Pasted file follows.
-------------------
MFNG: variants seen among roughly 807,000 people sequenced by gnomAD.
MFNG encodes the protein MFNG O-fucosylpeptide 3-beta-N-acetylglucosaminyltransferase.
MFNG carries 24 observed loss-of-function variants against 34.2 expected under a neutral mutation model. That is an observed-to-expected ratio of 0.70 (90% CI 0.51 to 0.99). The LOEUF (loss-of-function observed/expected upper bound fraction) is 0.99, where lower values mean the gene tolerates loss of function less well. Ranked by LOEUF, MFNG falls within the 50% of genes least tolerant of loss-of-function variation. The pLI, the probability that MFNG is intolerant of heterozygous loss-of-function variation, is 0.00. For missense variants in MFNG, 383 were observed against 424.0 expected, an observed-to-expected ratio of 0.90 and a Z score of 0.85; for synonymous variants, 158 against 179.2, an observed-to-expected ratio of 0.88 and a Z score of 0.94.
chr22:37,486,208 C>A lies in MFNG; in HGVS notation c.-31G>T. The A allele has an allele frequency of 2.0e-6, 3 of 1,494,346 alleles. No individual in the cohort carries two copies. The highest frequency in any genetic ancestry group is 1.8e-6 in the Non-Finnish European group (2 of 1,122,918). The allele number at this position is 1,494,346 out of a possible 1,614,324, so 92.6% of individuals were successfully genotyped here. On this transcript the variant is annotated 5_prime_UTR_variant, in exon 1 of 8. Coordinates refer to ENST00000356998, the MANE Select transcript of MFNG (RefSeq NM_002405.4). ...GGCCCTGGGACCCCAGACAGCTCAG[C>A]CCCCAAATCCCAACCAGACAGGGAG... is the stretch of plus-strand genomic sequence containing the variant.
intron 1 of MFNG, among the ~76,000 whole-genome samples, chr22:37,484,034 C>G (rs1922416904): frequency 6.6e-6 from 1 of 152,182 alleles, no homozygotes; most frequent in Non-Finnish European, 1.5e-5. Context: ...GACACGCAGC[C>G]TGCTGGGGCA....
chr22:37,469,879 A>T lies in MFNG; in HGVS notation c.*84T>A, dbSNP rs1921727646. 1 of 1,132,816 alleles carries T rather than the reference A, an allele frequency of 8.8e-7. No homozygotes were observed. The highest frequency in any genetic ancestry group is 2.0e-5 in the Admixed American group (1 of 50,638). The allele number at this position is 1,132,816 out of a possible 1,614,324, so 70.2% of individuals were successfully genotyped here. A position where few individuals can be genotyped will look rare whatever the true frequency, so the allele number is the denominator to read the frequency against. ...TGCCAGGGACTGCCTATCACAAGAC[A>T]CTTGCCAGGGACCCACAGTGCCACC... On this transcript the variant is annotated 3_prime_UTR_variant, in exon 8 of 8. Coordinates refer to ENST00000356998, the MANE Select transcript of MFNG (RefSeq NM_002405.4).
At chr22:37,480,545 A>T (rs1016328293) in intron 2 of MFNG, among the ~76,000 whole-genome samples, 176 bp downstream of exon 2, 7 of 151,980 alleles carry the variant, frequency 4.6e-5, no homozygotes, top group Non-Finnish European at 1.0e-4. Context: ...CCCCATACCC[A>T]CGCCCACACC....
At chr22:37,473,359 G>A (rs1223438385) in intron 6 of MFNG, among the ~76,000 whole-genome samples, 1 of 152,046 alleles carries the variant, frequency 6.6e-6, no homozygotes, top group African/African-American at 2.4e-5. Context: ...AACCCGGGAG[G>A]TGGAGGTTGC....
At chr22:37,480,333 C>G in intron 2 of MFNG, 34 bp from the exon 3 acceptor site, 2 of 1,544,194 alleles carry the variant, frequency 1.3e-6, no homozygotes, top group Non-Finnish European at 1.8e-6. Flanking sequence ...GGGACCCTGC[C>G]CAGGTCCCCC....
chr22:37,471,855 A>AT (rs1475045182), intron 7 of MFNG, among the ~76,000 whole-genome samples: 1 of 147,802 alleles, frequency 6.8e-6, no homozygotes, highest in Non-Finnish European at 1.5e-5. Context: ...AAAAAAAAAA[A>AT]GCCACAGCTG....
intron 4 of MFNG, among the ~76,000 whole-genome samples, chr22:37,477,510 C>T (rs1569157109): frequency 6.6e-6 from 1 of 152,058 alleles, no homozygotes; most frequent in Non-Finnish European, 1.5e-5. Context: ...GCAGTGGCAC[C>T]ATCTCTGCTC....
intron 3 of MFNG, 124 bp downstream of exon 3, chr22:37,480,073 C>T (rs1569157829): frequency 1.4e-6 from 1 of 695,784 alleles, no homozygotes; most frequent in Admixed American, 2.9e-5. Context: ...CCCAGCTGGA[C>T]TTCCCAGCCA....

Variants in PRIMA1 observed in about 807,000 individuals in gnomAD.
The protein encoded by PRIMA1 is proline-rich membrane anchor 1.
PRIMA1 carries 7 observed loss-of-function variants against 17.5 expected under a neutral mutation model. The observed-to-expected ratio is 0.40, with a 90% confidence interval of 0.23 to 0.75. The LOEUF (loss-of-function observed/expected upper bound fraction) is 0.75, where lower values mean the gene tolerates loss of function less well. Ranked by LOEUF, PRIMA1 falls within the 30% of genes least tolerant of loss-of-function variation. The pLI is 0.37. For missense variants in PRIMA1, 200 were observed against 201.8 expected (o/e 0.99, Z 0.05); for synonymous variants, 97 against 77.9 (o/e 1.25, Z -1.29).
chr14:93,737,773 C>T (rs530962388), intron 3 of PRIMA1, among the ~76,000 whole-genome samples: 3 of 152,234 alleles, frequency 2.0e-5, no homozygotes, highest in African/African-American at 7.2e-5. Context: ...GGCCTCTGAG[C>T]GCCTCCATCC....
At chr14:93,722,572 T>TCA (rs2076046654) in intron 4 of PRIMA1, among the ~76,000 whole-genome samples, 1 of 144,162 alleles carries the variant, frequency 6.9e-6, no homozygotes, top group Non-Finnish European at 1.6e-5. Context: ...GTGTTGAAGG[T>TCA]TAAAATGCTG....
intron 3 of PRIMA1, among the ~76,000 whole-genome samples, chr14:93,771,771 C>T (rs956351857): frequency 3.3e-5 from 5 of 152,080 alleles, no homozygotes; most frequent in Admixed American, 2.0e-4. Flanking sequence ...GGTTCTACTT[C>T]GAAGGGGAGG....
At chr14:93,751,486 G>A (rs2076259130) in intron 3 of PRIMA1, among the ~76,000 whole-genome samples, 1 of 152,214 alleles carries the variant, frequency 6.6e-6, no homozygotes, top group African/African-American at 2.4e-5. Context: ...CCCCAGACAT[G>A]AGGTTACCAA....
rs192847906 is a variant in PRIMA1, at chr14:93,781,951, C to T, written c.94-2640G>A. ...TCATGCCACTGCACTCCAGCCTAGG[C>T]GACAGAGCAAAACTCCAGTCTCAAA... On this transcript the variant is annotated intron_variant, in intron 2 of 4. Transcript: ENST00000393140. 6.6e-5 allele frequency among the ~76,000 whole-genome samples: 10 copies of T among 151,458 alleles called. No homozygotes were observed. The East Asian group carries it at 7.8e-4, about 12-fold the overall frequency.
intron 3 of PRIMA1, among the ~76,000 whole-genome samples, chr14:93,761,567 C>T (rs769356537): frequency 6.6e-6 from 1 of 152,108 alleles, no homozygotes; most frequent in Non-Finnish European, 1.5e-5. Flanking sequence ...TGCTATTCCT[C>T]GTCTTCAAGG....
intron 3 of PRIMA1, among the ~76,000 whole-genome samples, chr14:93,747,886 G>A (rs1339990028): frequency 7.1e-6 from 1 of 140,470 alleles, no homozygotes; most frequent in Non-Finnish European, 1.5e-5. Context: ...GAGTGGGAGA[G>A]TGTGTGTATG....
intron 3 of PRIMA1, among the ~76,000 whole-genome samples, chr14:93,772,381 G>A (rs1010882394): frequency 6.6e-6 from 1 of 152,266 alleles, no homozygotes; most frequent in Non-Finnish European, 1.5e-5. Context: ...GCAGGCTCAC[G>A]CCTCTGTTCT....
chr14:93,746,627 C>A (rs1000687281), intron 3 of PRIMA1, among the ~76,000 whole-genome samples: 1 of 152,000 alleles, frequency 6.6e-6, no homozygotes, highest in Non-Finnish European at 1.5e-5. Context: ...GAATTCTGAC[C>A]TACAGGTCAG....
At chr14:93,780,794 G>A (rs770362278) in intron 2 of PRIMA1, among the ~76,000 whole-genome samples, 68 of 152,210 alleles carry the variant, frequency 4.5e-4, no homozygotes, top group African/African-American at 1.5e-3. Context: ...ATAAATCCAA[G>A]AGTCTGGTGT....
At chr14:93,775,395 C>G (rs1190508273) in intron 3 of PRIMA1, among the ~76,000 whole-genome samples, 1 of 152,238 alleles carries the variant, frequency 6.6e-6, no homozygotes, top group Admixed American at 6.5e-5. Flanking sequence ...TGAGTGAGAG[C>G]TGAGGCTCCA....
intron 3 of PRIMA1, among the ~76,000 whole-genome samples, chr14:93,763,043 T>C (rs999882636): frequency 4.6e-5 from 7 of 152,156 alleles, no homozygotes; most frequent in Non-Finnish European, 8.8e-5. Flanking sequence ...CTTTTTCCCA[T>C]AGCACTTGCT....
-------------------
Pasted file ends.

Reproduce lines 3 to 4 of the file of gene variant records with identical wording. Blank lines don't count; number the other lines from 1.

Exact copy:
MFNG carries 24 observed loss-of-function variants against 34.2 expected under a neutral mutation model. That is an observed-to-expected ratio of 0.70 (90% CI 0.51 to 0.99). The LOEUF (loss-of-function observed/expected upper bound fraction) is 0.99, where lower values mean the gene tolerates loss of function less well. Ranked by LOEUF, MFNG falls within the 50% of genes least tolerant of loss-of-function variation. The pLI, the probability that MFNG is intolerant of heterozygous loss-of-function variation, is 0.00. For missense variants in MFNG, 383 were observed against 424.0 expected, an observed-to-expected ratio of 0.90 and a Z score of 0.85; for synonymous variants, 158 against 179.2, an observed-to-expected ratio of 0.88 and a Z score of 0.94.
chr22:37,486,208 C>A lies in MFNG; in HGVS notation c.-31G>T. The A allele has an allele frequency of 2.0e-6, 3 of 1,494,346 alleles. No individual in the cohort carries two copies. The highest frequency in any genetic ancestry group is 1.8e-6 in the Non-Finnish European group (2 of 1,122,918). The allele number at this position is 1,494,346 out of a possible 1,614,324, so 92.6% of individuals were successfully genotyped here. On this transcript the variant is annotated 5_prime_UTR_variant, in exon 1 of 8. Coordinates refer to ENST00000356998, the MANE Select transcript of MFNG (RefSeq NM_002405.4). ...GGCCCTGGGACCCCAGACAGCTCAG[C>A]CCCCAAATCCCAACCAGACAGGGAG... is the stretch of plus-strand genomic sequence containing the variant.